“Educating the mind without educating the heart is no education at all.” -Aristotle
In 1986, the elementary school that I attended was given the Georgia School of Excellence Award. When I began kindergarten in 1991, my mother was an active member of the P.T.A and also a paraprofessional there. As far as I can remember, my years at this institution were wonderful, I made many friends and was involved with the student council and other activities.
Almost 28 years later, this same school is claimed to be the worse school in my town.
Last Friday, I decided to help out around the school. I found some paraprofessionals that needed me and I hung out in their office. While assisting them a teacher walks in and is more concerned about her water weight than her class. She complains about how fat she has been feeling and that today is a skinny day for her.
After this riveting conversation, she ask if one of her problem students could come down and do some work to help the paraprofessionals. The head parapro said that she did and the teacher sent the student down to the office. After about 30 minutes, the same teacher sent another student down to help. Those students stayed in the office for 2 1/2 hours missing out on important instructional time and everyone was fine with it.
Everyone but ME!
This school is the only elementary school within the city limits and serves 5 of the 7 public housing communities’ children. It is the epicenter of the city , how the students fare in the elementary school shapes their progress throughout the school system and abroad. The future for these little ones seems to be slipping away daily because of their demographics; with 461 students in this school and 440 of them are eligible for the school’s free lunch program. In grades 3-5 there is 1 teacher for 25 students and half of these students are below their grade reading level.In most cases, the aforementioned students are the most difficult to reach and the one’s that are willing to learn are most often over looked.
Though the local detention center is expanding their availability for future residents by measuring the failing state scores of 3rd graders, it seems as if teachers and parents are still out on vacation and we are well into the fifth week of school. Parents seem to think that teachers are responsible for their children’s education and have the teachers convinced that they want to have little or nothing to do with the process. Some teachers have even professed that they haven’t seen some parents for an entire school year. Teachers seem complacent about teaching students with their whole hearts because it is a daily fight to gain control of their classes.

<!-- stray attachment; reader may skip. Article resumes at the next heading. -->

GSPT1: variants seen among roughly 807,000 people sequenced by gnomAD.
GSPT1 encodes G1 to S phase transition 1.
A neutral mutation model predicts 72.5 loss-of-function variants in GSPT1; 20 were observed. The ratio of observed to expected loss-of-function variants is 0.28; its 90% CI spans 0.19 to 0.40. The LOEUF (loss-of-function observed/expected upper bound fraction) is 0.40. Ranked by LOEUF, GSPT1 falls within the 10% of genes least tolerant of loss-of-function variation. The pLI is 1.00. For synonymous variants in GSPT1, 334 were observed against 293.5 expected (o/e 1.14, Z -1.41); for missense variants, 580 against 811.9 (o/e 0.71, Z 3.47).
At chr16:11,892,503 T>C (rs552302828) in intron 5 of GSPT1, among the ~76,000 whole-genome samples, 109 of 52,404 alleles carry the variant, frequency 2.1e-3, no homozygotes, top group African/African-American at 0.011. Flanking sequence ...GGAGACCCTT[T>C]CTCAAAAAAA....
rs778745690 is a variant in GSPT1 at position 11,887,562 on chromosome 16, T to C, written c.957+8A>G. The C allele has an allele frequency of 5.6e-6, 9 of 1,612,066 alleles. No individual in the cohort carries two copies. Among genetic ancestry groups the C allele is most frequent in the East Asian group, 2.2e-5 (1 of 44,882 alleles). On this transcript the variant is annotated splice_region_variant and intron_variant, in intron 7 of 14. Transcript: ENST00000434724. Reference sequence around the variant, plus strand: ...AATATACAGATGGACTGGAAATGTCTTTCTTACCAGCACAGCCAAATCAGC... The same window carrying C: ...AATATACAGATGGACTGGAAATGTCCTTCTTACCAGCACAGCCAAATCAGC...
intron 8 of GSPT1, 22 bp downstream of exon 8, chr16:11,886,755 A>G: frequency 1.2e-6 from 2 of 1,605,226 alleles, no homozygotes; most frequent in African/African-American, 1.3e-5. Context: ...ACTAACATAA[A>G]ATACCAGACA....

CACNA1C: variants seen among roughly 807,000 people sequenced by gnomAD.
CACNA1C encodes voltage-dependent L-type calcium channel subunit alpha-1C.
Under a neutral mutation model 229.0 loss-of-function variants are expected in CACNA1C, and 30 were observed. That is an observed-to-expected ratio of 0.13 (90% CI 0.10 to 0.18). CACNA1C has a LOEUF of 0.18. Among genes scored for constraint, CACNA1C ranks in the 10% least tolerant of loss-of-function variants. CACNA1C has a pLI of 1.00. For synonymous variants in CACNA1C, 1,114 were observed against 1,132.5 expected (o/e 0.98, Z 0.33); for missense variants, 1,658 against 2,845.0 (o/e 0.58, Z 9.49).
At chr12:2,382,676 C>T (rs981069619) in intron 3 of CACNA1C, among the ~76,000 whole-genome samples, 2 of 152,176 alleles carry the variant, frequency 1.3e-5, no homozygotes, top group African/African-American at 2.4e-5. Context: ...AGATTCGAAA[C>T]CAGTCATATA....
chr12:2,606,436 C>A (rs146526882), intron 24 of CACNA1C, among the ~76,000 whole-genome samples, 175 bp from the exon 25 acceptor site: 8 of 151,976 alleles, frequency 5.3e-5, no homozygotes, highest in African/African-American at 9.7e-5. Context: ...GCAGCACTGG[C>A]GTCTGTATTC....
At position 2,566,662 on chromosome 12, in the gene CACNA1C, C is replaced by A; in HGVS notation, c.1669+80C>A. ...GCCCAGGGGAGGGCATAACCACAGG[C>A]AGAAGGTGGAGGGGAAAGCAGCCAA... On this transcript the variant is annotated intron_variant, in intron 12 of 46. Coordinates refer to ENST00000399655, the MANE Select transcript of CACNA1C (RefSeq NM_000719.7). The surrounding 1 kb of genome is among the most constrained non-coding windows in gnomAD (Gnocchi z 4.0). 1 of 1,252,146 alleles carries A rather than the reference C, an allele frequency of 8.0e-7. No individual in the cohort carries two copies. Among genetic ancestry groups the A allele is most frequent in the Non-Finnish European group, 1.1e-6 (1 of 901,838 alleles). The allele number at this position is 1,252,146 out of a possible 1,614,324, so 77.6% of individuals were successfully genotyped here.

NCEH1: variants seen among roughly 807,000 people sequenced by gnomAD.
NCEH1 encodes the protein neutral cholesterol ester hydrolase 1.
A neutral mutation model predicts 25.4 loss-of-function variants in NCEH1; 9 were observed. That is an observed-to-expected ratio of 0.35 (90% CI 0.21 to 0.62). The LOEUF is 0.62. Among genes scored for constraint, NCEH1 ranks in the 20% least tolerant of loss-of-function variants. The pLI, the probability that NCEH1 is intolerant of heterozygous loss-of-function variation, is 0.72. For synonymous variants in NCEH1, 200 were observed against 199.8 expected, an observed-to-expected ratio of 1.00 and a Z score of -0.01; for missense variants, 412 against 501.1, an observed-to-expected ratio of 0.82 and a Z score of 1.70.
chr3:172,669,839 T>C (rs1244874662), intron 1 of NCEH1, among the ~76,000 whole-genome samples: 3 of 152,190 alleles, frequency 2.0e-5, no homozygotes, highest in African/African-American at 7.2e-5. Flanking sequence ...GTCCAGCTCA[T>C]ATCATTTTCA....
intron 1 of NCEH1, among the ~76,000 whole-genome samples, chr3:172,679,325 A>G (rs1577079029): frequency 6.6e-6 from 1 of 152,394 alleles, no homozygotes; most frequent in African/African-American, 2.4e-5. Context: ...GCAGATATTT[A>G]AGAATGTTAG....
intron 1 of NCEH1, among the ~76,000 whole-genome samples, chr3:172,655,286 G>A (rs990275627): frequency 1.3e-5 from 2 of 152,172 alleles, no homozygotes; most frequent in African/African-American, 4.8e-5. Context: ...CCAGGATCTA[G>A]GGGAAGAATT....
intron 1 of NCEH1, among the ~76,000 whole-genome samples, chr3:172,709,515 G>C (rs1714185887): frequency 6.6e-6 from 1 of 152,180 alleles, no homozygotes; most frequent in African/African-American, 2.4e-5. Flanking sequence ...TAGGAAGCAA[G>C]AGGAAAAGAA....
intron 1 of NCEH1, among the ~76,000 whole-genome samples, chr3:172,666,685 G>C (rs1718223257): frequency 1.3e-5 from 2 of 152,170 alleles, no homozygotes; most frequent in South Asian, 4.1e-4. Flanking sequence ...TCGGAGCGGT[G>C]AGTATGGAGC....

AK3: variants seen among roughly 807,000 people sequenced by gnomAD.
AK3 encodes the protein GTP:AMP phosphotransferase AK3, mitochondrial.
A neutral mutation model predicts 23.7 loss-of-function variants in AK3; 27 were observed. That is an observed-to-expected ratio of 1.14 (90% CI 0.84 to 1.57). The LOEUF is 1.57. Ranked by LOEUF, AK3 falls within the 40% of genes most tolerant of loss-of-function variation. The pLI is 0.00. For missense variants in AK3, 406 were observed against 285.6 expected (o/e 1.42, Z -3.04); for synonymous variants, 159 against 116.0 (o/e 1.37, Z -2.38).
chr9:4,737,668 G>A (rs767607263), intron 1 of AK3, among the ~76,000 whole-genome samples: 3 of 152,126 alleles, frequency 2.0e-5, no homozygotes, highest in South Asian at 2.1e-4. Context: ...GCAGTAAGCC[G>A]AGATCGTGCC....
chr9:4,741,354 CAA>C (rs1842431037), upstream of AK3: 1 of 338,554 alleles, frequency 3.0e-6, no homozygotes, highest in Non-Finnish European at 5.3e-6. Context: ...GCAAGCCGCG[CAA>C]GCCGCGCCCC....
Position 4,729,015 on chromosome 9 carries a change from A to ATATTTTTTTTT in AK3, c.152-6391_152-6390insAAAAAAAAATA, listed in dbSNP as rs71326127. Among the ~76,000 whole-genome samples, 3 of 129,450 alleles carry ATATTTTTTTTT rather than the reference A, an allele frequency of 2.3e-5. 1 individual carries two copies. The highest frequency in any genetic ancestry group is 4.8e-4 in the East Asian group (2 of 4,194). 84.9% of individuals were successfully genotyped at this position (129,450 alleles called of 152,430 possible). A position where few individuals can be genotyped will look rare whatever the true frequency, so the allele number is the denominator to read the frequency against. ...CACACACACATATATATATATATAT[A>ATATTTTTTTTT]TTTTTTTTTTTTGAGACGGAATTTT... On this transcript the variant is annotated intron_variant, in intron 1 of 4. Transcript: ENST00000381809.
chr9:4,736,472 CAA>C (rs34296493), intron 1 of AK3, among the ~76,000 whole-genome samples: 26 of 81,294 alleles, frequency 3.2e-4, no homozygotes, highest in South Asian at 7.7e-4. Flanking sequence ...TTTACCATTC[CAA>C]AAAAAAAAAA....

W.W.J.C.D? What would Joe Clark do?
Mr. Joe Clark would call a pep rally in the school auditorium and get rid of all of the miscreants. He would take the gates down and make the school look beautiful. He would establish clubs and would encourage students to study and bring their parents to learn how to read. He would carry a bat and lock out all of the riffraff. He would go up against any parent and the Fire Marshall to ensure his students safety and education. And when it was all said and done, he would have his students to sing Lean On Me.
Though it may seem hard to reach the urban community it can be accomplished.
Teachers, instead of judging our students by their disparities, let us compliment their abilities. Take a true interest in the child no matter their race or economic status. Enjoy teaching the troubled child as much as you enjoy teaching the honor student. Encourage parents to attend P.T.A meetings and you should as well. Research innovative ways to deliver a certain lesson; capture the minds of these students.
Parents, it is our responsibility to instill the love of education into our children. Our qualms with the value of our children’s education is our responsibility to ensure. Become involved with the different programs offered to parents and students and if there are none, let’ create some.Even if our school experience may not have been the most pleasant does not mean our children’s has to be. Our voices can change how our children are handled and taught for years to come.
W.W.H.L.D? What would Helen Ladson do?
Well, honestly I would do all of those things, but instead of a bat I would prefer a set of golf clubs. However, though this school is nothing like fair East Side High, without improvements it can easily evolve into a sad state of affairs.